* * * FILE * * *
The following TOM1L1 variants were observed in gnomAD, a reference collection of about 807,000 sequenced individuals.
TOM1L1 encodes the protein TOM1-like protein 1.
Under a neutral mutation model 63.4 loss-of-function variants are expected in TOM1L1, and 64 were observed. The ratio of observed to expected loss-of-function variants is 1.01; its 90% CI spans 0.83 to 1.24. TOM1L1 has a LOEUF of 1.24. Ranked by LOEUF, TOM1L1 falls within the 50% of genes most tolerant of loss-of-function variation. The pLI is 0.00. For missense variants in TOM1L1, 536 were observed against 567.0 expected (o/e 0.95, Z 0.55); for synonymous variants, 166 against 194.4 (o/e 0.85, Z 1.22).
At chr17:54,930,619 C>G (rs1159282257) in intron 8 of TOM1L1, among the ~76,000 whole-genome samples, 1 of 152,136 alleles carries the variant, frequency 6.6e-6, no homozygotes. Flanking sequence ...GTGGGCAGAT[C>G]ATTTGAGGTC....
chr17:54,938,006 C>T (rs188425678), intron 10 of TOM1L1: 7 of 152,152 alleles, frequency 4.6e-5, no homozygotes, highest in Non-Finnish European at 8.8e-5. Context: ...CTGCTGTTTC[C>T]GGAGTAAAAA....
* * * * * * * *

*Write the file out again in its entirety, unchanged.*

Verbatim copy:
The following TOM1L1 variants were observed in gnomAD, a reference collection of about 807,000 sequenced individuals.
TOM1L1 encodes the protein TOM1-like protein 1.
Under a neutral mutation model 63.4 loss-of-function variants are expected in TOM1L1, and 64 were observed. The ratio of observed to expected loss-of-function variants is 1.01; its 90% CI spans 0.83 to 1.24. TOM1L1 has a LOEUF of 1.24. Ranked by LOEUF, TOM1L1 falls within the 50% of genes most tolerant of loss-of-function variation. The pLI is 0.00. For missense variants in TOM1L1, 536 were observed against 567.0 expected (o/e 0.95, Z 0.55); for synonymous variants, 166 against 194.4 (o/e 0.85, Z 1.22).
At chr17:54,930,619 C>G (rs1159282257) in intron 8 of TOM1L1, among the ~76,000 whole-genome samples, 1 of 152,136 alleles carries the variant, frequency 6.6e-6, no homozygotes. Flanking sequence ...GTGGGCAGAT[C>G]ATTTGAGGTC....
chr17:54,938,006 C>T (rs188425678), intron 10 of TOM1L1: 7 of 152,152 alleles, frequency 4.6e-5, no homozygotes, highest in Non-Finnish European at 8.8e-5. Context: ...CTGCTGTTTC[C>T]GGAGTAAAAA....